Creativity and innovation are essential ingredients for the development of human society. Scientific, economic and social evolution requires the orchestrated efforts of many intellectuals, working together on overcoming challenges to human development and inventing novel concepts, theories, tools and technologies that can be effectively exploited to serve humanity and improve the well being of society. Think for a moment of the scale of technological and social developments in our modern world. While some may argue that these developments have been misused, no one can deny the considerably higher quality of life we enjoy compared to our ancestors. Cures now exist for infectious diseases that once could destroy a complete nation, travel and communications became much easier and cost effective that people can now engage in dialogues with each other in ways that were unimaginable just a few decades ago, and the list goes on.
Such massive developments could only become possible through the empowerment of researchers and intellectuals to capitalise on the gigantic body of knowledge built by their fellow creative workers. Every innovator taps into the knowledge sources produced by others and contributes back to the development of human wisdom. However, with the increasing complexity of creative and intellectual work, appropriate incentive systems should be implemented to motivate intellectuals to invest their time and effort in contributing to the global knowledge creation. Without such systems, very few are willing to devote their scarce resources to expand the borders of knowledge in the highly demanding modern lifestyle. But these incentive systems should be carefully designed to serve their main purpose: motivating intellectuals to produce creative work by guaranteeing them a fair return on their investment of intellectual and financial capital. They should not block access to knowledge in such a way as to prevent others from capitalising on the previous body of knowledge in their pursuit for creativity and innovation.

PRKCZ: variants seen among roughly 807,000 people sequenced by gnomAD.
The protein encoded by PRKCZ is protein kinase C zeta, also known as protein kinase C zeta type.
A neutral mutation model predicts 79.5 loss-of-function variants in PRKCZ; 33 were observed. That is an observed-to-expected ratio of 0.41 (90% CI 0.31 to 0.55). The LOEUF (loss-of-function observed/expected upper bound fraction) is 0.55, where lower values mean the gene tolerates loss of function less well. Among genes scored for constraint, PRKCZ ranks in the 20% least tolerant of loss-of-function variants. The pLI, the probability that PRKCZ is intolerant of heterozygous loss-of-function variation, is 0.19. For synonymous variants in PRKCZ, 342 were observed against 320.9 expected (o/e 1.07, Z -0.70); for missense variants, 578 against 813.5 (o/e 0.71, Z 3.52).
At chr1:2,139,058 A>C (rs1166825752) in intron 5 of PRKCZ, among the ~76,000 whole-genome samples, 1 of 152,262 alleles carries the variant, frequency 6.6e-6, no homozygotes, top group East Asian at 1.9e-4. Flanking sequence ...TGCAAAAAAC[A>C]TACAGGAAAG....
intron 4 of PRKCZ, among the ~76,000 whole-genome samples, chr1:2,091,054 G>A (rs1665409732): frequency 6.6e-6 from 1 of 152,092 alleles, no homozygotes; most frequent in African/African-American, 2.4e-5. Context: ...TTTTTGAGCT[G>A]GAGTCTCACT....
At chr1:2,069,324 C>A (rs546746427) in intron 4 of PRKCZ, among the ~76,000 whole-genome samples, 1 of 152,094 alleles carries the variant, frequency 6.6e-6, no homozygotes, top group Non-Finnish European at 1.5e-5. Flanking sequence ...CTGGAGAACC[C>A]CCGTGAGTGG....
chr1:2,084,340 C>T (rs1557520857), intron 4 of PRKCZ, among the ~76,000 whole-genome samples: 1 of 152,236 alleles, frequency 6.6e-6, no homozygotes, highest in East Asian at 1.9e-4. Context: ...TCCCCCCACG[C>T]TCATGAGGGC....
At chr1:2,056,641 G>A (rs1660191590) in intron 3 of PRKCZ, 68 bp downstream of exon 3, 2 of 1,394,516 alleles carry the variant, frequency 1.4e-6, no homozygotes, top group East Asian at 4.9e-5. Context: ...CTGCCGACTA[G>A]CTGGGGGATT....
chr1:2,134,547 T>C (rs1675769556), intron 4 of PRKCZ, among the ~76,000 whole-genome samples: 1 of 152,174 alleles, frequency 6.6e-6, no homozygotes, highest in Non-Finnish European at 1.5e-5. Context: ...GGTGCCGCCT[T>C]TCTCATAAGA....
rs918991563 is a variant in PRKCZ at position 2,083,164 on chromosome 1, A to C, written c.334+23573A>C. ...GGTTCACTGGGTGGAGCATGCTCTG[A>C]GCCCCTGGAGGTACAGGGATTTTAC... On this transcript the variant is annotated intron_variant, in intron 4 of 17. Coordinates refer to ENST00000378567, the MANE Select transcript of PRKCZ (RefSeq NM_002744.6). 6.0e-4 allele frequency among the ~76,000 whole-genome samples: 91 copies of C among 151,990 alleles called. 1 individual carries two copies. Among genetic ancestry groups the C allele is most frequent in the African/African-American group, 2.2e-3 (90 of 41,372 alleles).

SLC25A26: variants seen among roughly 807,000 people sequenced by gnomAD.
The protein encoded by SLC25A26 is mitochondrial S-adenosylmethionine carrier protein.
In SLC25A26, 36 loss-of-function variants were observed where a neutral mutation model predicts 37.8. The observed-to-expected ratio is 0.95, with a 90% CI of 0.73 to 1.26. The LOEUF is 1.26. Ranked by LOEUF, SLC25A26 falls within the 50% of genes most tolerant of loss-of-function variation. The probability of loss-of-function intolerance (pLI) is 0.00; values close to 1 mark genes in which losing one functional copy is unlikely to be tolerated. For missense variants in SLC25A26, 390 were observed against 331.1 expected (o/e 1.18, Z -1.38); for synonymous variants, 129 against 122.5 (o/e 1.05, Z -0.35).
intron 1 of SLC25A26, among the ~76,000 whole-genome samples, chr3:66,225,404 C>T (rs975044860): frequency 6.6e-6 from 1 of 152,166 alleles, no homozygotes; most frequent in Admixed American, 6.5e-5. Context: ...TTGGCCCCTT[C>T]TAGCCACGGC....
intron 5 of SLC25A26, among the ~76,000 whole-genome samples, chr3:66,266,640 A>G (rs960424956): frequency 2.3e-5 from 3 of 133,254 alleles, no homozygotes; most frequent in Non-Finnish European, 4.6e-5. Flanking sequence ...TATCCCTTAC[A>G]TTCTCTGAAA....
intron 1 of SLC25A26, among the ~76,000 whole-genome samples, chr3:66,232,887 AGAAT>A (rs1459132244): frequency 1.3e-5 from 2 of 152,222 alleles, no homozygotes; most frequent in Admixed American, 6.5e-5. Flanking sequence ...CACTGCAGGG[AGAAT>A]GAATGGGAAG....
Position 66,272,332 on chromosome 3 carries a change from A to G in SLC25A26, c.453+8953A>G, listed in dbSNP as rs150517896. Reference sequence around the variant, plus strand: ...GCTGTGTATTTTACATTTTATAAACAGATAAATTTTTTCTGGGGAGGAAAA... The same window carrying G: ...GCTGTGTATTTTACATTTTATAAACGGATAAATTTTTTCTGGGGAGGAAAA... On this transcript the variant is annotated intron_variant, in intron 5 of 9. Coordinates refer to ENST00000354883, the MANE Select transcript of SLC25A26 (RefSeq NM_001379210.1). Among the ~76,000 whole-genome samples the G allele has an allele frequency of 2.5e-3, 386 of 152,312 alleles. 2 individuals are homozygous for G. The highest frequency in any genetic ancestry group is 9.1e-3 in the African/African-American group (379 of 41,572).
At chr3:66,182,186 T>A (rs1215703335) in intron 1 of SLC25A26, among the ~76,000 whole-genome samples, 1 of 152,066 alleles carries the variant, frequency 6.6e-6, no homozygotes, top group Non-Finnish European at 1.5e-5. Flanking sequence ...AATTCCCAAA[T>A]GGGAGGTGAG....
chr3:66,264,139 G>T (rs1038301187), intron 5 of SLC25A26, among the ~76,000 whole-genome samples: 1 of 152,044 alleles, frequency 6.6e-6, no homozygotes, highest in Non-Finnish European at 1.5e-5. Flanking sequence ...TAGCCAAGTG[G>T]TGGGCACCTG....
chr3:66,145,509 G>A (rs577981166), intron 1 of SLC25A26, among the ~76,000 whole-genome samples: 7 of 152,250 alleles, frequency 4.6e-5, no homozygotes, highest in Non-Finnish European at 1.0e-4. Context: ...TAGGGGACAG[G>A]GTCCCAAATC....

The booklet was published by Creative Commons Australia (CCau) and the Creative Commons Clinic. It covers a variety of projects from Syria to New Zealand, and is full of colourful and exciting stories.
Arab Commons had its place in this publication, in which you can find updated statistics on the initiative’s achievements, in addition to two cases of Arab intellectuals and artists: Dr. Rayan El Helou and Hanadi Traifeh.
(Published on iCommons.org)
When I wrote “The Growth of Arab Commons” last month, my primary intent was to reflect on what we have achieved over the past year and to pinpoint any challenges or obstacles that may need to be overcome for the Commons to achieve its aimed for growth in the Arab world. Nevertheless, several trends seemed to have a prominent impact. The article concluded with a call to “combine the promotion of Creative Commons in the Arab world with the larger objective of increasing the development of digital content in the Arabic language”.
Well, it does not happen much (at least for me), but it seems that someone was listening!
During The International Symposium on Computers & Arabic Language (ISCAL), held in Riyadh, Saudi Arabia from 10 to 12 November 2007, I delivered a keynote on Creative Commons and the strong link between their philosophical foundation and the sharing culture that dominates the social fabric in the Arab world. My aim was to attract attention to the urgent need to quickly embrace Creative Commons in the region and promote the development of open content in the Arabic language by emphasising the compatibility between Creative Commons and the belief and value systems in the Arab world.